Ramseyer received a call from the Japanese consul general in September to tell him that he would be given the Order of the Rising Sun award. That was all about Confucian filial piety — so of course as soon as he hung up, I called my year-old mother. She was proud.
It was with even greater anticipation, then, that Ramseyer looked forward to November 3, knowing that his mother would be so happy to see her son officially recognized for his lifetime of achievements. The honor came mixed with grief and sudden loss.
Ramseyer attended Harvard Law School and then served as a law clerk for Stephen Breyer, who would later go on to become an associate justice of the United States Supreme Court. Ramseyer is a prolific researcher and has published widely on the subjects of both Japanese law and economics. He has also written on nuclear energy in Japan, the Japanese legal profession, Japanese land reform, legal consciousness in Japan, and a host of other topics. Ramseyer is perhaps best known for his skill in applying rigorous empirical data and clear-cut analysis to legal and social questions, and for his courage in tackling contentious problems head-on.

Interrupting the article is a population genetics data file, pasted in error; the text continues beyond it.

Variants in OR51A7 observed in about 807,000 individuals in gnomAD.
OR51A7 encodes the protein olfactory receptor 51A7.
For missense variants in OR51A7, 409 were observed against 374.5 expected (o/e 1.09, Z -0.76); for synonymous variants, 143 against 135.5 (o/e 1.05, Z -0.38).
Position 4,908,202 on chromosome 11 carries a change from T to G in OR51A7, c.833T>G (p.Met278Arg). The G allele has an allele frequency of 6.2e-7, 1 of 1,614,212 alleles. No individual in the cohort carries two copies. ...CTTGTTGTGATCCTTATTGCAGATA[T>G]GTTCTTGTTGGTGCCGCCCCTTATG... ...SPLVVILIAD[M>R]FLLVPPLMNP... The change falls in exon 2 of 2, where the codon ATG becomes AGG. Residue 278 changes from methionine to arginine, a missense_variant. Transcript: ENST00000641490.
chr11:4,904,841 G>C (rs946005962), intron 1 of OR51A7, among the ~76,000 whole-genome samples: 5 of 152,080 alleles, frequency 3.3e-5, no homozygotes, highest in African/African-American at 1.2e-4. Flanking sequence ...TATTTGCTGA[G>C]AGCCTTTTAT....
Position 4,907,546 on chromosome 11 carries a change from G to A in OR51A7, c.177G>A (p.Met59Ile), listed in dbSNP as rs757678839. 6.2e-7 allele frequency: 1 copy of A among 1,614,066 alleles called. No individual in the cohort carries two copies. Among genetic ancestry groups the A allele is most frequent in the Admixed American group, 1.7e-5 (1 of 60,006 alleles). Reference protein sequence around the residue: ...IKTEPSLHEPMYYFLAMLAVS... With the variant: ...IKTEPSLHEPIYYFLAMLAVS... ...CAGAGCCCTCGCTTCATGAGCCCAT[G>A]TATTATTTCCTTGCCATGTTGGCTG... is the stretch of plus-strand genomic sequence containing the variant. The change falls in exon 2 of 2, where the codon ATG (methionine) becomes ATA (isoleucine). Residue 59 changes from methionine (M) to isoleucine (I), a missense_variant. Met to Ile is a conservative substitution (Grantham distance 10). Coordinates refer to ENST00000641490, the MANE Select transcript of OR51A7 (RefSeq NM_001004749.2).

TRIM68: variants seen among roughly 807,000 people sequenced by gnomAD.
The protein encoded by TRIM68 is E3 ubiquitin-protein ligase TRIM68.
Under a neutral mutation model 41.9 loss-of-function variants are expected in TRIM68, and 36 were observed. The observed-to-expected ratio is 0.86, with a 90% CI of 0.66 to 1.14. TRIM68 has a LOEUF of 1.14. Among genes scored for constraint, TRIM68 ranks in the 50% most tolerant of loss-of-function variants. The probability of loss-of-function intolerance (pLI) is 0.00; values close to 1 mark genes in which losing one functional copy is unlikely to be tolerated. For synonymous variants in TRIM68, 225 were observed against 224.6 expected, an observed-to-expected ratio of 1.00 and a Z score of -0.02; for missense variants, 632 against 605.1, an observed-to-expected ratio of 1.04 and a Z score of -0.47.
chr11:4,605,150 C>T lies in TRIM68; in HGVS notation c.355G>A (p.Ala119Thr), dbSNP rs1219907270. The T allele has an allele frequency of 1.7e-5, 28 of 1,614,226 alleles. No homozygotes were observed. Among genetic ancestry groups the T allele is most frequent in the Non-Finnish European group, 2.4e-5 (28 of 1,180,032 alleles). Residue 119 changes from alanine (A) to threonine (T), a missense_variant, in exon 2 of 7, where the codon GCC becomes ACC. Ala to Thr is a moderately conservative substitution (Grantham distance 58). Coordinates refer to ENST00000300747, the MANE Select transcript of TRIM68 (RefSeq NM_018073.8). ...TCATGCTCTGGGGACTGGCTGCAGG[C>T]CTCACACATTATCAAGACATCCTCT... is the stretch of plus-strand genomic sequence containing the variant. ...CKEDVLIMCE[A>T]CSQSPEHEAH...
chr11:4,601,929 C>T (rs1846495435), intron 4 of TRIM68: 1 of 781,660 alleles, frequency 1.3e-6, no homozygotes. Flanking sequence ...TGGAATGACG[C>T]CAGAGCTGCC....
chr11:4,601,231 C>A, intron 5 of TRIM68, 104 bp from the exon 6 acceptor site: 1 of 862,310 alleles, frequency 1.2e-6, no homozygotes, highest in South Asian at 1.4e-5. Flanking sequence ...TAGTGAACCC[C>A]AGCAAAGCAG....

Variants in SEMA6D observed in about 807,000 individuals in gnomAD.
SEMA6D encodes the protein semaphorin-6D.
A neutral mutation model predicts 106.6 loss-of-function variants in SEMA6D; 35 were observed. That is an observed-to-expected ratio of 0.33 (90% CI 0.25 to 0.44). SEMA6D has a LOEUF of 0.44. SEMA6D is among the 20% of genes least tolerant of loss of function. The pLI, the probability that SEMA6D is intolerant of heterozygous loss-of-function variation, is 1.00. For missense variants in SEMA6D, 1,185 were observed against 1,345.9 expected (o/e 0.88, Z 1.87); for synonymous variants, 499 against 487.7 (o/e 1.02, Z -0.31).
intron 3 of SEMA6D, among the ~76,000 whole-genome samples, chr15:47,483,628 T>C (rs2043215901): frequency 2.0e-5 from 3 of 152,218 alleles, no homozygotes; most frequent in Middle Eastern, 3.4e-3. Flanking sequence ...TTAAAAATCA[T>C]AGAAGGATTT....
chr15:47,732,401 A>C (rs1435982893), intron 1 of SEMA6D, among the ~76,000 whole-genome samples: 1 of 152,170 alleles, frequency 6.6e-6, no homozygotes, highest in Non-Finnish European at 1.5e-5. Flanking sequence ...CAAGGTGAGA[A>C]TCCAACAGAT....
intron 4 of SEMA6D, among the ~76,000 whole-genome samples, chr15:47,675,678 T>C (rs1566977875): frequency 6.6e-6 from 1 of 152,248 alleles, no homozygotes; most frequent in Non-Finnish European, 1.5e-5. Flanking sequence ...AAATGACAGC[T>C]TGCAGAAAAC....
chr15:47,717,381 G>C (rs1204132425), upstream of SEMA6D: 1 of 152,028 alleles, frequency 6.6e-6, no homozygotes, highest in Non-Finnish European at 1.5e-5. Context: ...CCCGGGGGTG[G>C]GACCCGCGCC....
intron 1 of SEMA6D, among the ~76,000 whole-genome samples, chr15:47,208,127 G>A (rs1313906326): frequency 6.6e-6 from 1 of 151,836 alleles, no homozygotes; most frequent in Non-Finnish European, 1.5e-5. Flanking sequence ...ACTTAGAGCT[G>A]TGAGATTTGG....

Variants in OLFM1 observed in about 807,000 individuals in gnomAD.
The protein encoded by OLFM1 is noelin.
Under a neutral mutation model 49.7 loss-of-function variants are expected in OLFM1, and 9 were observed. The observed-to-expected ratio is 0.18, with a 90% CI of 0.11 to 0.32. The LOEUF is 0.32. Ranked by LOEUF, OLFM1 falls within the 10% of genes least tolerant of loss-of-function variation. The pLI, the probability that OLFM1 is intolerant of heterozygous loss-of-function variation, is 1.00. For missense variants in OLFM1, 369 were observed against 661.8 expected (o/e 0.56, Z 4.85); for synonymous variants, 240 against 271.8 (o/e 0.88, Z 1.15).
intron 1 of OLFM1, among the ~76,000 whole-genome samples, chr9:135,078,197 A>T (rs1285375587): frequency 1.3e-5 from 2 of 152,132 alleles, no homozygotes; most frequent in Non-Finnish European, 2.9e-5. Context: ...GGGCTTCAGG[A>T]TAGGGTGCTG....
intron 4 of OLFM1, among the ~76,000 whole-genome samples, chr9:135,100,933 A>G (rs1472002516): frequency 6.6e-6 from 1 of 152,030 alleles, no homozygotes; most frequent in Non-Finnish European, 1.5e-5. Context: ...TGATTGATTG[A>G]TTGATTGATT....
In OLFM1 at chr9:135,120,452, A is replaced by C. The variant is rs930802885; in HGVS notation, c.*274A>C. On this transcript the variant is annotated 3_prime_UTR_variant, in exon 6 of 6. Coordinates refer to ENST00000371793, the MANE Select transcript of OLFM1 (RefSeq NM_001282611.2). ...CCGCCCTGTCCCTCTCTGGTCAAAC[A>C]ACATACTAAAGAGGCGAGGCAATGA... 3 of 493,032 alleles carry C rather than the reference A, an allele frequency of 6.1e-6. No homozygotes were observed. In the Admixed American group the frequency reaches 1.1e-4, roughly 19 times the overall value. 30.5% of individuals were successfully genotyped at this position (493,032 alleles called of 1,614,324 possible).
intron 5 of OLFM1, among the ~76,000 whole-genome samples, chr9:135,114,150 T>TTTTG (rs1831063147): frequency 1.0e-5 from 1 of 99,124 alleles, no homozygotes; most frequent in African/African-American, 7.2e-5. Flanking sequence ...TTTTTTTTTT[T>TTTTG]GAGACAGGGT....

It is these characteristics that have led him to ground his research in evidence and solid fact.
We will feature his insights into some of the legal and social issues facing Japan today. May 29, am.
Paul Martin Leave your thoughts. June 19, pm. Chizuko T.
Within keiretsu groups, argue these observers, firms preferentially trade, lend money, take and receive technical and financial assistance, and cement their ties through cross-shareholding agreements. Mark Ramseyer demonstrate that all this talk is really just urban legend. In their insightful analysis, the authors show that the very idea of the keiretsu was created and propagated by Marxist scholars in post-war Japan. Western scholars merely repatriated the legend to show the culturally contingent nature of modern economic analysis. In demolishing these long-held assumptions, they offer one of the few reliable chronicles of the realities of Japanese business.
Table of Contents Preface ix Acknowledgements xi 1. Introduction 1 2. The Fable of Keiretsu 6 3.
And of the Zaibatsu 38 4. The Myth of the Main Bank 61 5.
And of Outside Directors 89 6. Legends of Government Guidance 7.
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